The Ethereum blockchain supports countless other coins and crypto products, of which mention can be made of NFTs. The Ethereum community has demonstrated that it’s possible to remain resilient despite concerns and resistance, so perhaps the Bitcoin community needs a push to make things happen. Proof of Work is costly in environmental terms, even if it’s driven by innovation, so efforts should be made towards decarbonization. The willingness to do so enhances the possibility of adoption and the efficiency gains the blockchain has to deliver. Many investors interested in cryptocurrency pull back because Bitcoin isn’t sustainable.
Big Eyes Could Replicate the Success of Ethereum
The world’s second-largest cryptocurrency has reduced its energy consumption by more than 99%, but it’s unlikely that Bitcoin or others will follow suit. Bitcoin and other digital assets, notably Dogecoin and Litecoin, continue to run on the energy-intensive Proof of Work architecture. In March 2022, Greenpeace launched the Change the Code Not the Climate campaign, aimed at getting Bitcoin to change its software code to use less energy. It goes without saying that the campaign met with hostility from the community, arguing that immutability is Bitcoin’s key feature. For the sake of clarification, immutability refers to the ability of the blockchain to remain a permanent, indestructible, inalterable history of transactions.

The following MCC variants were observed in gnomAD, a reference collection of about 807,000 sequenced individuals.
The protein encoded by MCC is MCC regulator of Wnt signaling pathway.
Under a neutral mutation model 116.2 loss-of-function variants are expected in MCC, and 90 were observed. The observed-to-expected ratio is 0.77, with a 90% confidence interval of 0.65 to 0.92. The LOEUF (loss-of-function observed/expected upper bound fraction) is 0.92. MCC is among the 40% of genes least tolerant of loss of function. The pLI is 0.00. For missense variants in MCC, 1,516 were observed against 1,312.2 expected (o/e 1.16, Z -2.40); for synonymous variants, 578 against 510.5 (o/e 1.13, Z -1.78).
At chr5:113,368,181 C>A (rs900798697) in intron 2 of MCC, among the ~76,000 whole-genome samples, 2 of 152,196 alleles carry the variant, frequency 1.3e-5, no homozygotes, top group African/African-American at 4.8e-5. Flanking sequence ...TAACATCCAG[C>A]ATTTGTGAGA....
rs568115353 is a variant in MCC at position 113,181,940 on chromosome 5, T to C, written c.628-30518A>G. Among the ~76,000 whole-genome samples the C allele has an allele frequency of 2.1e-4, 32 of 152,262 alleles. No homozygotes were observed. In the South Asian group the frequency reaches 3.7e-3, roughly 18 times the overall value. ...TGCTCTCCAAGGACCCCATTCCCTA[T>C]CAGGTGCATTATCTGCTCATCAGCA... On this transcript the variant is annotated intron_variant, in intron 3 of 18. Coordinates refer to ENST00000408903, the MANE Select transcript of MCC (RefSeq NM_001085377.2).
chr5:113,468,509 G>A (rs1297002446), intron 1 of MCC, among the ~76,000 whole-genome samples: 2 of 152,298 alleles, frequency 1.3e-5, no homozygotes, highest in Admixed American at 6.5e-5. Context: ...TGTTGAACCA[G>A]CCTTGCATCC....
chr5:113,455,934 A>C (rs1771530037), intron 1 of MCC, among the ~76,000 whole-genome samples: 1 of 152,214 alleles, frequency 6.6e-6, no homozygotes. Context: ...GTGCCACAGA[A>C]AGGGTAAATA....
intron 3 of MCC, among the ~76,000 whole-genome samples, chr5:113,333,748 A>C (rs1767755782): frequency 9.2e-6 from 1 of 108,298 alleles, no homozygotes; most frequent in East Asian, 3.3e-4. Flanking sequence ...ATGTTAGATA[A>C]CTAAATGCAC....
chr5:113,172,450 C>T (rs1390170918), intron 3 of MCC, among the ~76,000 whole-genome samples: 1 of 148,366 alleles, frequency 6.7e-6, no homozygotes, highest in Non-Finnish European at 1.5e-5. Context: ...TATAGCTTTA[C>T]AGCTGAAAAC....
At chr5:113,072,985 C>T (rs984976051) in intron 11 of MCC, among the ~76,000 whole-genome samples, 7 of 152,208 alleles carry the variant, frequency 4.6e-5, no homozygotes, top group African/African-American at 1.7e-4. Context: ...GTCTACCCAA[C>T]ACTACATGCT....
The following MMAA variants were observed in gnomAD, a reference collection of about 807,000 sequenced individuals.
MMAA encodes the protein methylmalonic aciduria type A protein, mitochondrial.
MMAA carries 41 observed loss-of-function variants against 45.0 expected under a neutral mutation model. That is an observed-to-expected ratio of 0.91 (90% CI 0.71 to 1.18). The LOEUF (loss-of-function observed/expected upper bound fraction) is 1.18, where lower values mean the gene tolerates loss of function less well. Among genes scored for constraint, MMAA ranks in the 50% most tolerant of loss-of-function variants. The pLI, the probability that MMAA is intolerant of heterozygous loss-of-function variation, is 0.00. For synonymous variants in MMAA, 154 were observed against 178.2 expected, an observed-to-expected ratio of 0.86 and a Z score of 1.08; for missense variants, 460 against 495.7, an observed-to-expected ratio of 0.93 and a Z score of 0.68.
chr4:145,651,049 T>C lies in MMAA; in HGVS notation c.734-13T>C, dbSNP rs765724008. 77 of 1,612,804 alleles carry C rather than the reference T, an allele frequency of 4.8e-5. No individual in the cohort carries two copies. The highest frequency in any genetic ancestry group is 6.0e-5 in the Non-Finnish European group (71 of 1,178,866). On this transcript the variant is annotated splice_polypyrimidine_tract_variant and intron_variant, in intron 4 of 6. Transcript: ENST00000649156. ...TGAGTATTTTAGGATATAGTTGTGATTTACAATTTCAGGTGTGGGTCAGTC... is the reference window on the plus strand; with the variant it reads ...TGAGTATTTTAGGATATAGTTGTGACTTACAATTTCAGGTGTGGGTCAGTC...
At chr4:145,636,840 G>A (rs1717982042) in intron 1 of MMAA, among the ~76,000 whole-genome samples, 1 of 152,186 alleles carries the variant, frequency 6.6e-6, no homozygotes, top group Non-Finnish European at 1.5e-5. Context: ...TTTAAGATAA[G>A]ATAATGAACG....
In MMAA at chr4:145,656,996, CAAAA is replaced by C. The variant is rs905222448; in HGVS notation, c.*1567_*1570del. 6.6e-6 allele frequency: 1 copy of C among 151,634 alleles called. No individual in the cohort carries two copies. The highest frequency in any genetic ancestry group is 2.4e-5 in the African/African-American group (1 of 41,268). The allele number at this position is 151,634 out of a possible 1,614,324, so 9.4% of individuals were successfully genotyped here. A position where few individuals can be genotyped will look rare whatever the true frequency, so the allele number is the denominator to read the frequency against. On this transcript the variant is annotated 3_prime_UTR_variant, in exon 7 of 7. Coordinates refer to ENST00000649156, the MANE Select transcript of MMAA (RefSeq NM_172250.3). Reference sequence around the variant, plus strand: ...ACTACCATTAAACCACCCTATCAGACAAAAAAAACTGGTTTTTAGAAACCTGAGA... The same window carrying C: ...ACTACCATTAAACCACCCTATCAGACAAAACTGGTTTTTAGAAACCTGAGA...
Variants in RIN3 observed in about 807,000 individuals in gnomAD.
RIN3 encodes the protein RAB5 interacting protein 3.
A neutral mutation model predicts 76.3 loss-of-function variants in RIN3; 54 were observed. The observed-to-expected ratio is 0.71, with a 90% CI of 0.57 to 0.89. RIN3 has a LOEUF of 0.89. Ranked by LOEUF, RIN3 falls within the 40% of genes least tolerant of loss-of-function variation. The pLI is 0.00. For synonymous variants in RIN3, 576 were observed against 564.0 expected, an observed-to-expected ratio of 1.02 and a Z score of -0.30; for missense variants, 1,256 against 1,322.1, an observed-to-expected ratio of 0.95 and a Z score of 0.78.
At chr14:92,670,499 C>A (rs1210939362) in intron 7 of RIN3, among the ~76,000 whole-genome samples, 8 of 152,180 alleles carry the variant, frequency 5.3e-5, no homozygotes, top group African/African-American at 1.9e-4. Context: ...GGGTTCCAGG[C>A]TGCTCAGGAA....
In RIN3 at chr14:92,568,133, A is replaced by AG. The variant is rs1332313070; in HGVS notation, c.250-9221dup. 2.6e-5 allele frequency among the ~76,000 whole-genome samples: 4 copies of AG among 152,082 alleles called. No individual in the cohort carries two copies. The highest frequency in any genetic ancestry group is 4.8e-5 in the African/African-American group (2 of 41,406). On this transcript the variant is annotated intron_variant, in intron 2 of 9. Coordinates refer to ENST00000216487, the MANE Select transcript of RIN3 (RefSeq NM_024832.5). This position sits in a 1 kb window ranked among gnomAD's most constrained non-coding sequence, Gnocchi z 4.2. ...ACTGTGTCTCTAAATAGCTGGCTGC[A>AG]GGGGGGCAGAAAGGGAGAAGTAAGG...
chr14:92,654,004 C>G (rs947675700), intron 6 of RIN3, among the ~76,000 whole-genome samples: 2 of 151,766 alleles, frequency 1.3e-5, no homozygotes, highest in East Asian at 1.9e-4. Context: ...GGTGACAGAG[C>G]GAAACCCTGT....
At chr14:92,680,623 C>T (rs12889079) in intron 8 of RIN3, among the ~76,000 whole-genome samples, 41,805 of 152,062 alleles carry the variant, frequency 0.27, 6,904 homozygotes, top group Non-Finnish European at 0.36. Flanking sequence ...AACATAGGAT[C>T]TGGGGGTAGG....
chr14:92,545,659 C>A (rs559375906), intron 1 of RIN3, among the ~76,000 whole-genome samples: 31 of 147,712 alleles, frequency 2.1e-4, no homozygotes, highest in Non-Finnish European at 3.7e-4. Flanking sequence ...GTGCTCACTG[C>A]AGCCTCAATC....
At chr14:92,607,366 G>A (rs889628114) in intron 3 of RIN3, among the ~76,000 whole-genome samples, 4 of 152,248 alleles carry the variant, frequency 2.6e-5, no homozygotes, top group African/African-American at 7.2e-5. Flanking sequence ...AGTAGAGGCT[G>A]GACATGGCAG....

Owing to Ethereum, we know that it’s possible to make much-needed changes to the blockchain to make the software more sustainable. Ethereum completed the Merge despite resistance from several stakeholders, concerned that it would lead to the centralization of the network, which only goes to show that, with the right support and capabilities, similar success is possible. Other cryptocurrencies should concentrate on understanding the key factors that have contributed to Ethereum’s triumph to create a replicable process that can be a roadmap for others. Decentralization continues to have a price, yet it’s possible to reduce the additional energy costs.
In spite of exciting applications, not enough investment goes towards cryptocurrency due to the high-power consumption. The hash rate and consumption for commercially-available mining rigs are substantial – Bitcoin uses more energy than Belgium and Finland. Since Ethereum made the switch to the Proof of Stake consensus mechanism, its power requirements have dropped to 0.01 terawatt-hours per year. Of course, there are countless other cryptocurrencies worldwide, and none of the energy reports or calculations take into consideration these coins. This basically means that more energy could be consumed by cryptocurrency networks. The energy intensity is a feature, not a bug.
If cryptocurrency consumers are sufficiently concerned, they’ll avoid purchasing energy-intensive digital assets. At any rate, regulations would be helpful in getting the community to reconsider its stance. Ethereum’s Merge has proven that change can happen at scale (users haven’t experienced any significant changes). Through community change, it’s possible to reduce the environmental impact of cryptocurrency.